But the need for mental health works has risen. Suicide rates, domestic disputes and substance abuse have increased, especially among those living in trailer parks, says Michael Prendergast, the assistant chief of police in Waveland, Mississippi. His small town bore the brunt of Katrina’s force, sustaining a storm surge of 30 feet that destroyed many homes, businesses and city buildings—including the police department.

Spokane believes that some of these mental health problems could have been tempered or avoided by providing better temporary housing. Families living in FEMA travel trailers were uprooted from their normal neighbors and communities to live among strangers, and in some cases, the trailer parks were 20 or 30 minutes away from their previous homes, making it difficult for people to rebuild.

One of the FEMA trailer parks in Mississippi.

The FEMA trailer parks and tent camps could have been designed differently. Instead of grouping the trailers in a more community-friendly circle, “the trailers were lined in military-like rows, with no thought to the implication of the set up,” Spokane says. Cars raced along the gravel rows that often doubled as streets and children’s playgrounds. Families live in cramped quarters—four to six people to a tiny trailer—with little to no privacy. They are so small, Bennett says, that “you can go to the bathroom and cook breakfast at the same time.”

“These are issues we could have thought through in the beginning if we understood the connection between mental health and the arrangement post-disaster for housing people,” Spokane says.

"Katrina cottages"

The current housing situation is slowly improving. All of the staff and 30 percent of the students at Waveland Elementary have moved into their homes, says principal Donna Torres. Last year, only 5 percent of the students lived in their homes. Residents also have the option to purchase “Katrina Cottages,” which are small, prefabricated single-family homes.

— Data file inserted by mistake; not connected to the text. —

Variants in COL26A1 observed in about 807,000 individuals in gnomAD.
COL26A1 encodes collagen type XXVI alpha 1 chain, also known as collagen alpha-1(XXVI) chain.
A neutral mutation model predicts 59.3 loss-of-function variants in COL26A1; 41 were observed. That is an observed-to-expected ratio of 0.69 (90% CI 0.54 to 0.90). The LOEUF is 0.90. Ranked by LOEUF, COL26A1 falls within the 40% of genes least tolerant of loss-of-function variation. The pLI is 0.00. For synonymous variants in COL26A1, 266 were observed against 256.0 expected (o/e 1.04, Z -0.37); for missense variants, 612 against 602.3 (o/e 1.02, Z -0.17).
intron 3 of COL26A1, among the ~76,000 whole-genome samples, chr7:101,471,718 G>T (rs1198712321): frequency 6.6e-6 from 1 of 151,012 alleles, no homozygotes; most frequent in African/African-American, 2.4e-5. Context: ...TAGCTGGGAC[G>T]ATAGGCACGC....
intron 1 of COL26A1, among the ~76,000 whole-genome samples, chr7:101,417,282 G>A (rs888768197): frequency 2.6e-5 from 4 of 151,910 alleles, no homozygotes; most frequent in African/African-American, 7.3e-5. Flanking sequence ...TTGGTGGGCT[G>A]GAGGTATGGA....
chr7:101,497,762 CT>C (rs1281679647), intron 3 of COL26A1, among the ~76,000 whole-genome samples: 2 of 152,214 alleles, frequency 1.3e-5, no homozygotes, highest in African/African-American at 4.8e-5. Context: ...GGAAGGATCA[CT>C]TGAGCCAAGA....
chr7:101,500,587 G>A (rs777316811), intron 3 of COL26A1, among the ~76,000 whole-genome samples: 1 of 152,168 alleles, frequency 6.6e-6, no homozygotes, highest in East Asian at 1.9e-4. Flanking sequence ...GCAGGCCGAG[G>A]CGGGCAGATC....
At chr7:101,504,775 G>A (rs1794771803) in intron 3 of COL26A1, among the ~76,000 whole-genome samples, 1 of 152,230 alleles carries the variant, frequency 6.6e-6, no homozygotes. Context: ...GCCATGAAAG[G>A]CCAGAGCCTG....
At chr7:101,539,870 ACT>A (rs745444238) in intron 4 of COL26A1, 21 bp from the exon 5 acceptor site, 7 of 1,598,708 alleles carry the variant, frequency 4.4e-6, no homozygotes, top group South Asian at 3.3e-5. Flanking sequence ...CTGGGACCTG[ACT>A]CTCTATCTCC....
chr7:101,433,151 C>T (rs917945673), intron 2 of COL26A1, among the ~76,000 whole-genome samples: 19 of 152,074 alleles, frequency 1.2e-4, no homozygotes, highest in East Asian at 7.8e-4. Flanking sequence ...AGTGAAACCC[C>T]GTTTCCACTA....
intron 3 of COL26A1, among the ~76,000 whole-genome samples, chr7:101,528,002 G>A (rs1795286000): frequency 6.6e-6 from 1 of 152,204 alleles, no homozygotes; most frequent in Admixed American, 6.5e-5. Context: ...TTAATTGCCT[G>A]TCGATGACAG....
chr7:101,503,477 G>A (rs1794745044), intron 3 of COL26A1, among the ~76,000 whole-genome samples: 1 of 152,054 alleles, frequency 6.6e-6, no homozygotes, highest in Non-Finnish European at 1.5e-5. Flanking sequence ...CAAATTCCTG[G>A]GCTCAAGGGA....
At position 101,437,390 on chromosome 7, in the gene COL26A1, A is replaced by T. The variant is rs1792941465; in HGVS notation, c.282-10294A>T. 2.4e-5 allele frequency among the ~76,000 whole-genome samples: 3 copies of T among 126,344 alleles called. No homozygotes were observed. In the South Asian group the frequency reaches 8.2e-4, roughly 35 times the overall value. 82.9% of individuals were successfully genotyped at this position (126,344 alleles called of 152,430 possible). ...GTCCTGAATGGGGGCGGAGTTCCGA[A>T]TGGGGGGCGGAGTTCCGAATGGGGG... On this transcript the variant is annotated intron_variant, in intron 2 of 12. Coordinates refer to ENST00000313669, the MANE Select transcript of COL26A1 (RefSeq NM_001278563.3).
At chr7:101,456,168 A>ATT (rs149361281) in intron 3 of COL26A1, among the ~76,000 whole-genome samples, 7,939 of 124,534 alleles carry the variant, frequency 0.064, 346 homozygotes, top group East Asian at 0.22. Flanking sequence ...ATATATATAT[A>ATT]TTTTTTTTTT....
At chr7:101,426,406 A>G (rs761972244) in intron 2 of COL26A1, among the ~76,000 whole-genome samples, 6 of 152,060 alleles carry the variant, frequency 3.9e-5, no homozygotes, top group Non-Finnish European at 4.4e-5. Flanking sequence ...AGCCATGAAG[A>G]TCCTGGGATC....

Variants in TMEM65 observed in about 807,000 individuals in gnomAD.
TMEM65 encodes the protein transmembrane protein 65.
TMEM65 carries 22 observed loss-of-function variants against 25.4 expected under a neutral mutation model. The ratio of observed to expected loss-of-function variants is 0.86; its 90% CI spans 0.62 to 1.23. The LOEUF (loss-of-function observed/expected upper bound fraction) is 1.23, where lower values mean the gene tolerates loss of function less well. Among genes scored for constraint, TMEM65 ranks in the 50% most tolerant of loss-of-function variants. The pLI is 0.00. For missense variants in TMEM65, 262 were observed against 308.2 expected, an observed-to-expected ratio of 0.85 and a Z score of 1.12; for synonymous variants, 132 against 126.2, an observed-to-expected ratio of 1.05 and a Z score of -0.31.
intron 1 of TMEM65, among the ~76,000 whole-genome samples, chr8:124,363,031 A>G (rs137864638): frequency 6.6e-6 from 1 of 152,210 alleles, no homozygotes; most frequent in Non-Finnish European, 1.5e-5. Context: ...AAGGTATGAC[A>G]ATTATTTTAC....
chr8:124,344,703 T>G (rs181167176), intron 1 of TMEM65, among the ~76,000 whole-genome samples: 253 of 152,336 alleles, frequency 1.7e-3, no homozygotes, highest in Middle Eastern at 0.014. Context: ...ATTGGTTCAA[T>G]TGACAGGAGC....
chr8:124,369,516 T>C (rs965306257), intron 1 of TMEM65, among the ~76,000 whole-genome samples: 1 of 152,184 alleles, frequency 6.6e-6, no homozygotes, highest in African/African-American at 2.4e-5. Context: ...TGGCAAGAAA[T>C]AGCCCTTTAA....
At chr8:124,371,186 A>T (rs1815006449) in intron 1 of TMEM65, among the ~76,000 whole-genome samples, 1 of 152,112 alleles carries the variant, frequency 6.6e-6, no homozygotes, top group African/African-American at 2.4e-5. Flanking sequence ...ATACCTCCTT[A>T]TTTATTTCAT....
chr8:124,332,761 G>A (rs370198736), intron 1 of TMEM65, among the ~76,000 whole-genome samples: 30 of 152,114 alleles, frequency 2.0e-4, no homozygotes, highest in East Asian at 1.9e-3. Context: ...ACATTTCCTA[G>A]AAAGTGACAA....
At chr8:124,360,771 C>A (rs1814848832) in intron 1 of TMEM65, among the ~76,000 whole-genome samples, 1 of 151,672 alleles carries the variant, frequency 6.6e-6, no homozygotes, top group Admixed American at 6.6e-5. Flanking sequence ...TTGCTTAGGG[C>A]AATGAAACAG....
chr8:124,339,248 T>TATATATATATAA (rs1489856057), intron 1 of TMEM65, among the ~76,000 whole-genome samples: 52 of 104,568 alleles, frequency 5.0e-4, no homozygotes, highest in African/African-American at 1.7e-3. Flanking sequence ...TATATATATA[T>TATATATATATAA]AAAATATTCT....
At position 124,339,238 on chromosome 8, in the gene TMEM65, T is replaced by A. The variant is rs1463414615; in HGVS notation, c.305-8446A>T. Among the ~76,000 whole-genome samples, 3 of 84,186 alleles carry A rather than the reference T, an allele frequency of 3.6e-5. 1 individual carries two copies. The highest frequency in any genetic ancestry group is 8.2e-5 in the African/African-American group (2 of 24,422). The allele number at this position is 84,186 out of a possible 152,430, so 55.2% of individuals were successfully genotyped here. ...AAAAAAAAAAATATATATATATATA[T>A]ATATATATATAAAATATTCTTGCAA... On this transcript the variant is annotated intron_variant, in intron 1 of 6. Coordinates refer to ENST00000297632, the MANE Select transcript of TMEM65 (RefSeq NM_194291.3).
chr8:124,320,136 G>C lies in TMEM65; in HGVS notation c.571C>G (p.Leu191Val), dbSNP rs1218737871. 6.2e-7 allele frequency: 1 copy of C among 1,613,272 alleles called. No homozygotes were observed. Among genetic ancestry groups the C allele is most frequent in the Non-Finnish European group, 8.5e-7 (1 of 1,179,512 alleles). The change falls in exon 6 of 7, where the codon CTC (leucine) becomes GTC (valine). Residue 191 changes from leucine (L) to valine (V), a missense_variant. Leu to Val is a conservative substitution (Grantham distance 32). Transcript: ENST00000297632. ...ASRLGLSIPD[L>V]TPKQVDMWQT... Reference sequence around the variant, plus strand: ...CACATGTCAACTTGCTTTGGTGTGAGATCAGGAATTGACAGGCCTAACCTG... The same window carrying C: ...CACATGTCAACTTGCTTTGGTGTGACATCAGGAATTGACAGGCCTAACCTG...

Although some of the commercial and residential districts are being rebuilt, many are not. Prendergast estimates that only half of its original population of 10,000 has returned.

Between sky-rocketing insurance cost and the high cost of labor and supplies needed to rebuild, low income housing is virtually non-existent. Instead, new, expensive condos are appearing along the ocean front. After the storm, state ordinances changed to allow gambling onshore, and the casinos scrambled to reopen on dry ground. The coast line will become a cross between Atlantic City and Miami Beach, Spokane says. These gambling houses may attract visitors with money but will not restore the community.

At the elementary school, the loss of social connection is evident. “I don’t think the community is there,” Torres says. The community members who returned did so because they did not know anything else. “This is home, and you just don’t leave home,” Torres says.

Not everyone returning to the area calls the Gulf Coast home. Once Torres’ secretary recognized every person who walked through the door; today she frequently sees strangers. Trailer parks house many out-of-state opportunists, often with criminal records, Prendergast says.

As they described the tedious rebuilding process, Prendergast, Bennett, Torres and other community leaders displayed lingering distress.

“Their emotion is still very much on the surface,” says Weatherford. “I wonder what that means for the community to be able to care for each other.” The support these leaders normally provide may be compromised by their own need for emotional relief.

Torres and Prendergast have found hope in the volunteer laborers who flocked to the coastal communities, providing free labor. “It’s nice to have some come alongside you with a fresh mind,” Torres says.

Over one million volunteers, many from faith-based organizations, stripped, cleaned and rebuilt damaged areas in Alabama, Mississippi and Louisiana. In all, they provided 14 million hours of labor, according to the Sun Herald.

“Thank God for these church groups,” says Prendergast. “These church groups have been lifesavers. I am flattered by these teenagers coming to help us on spring break.”

In June, Spokane and his students will work alongside these volunteers as part of a Mental Health First Response course taught by Spokane. The course, to be held in Mississippi, will incorporate service and course work and will be available to select undergraduates, graduates, Gulf Coast mental health workers and, possibly, alumni.

--Becky Straw

Photos by Becky Straw

Posted on Tuesday, November 13, 2007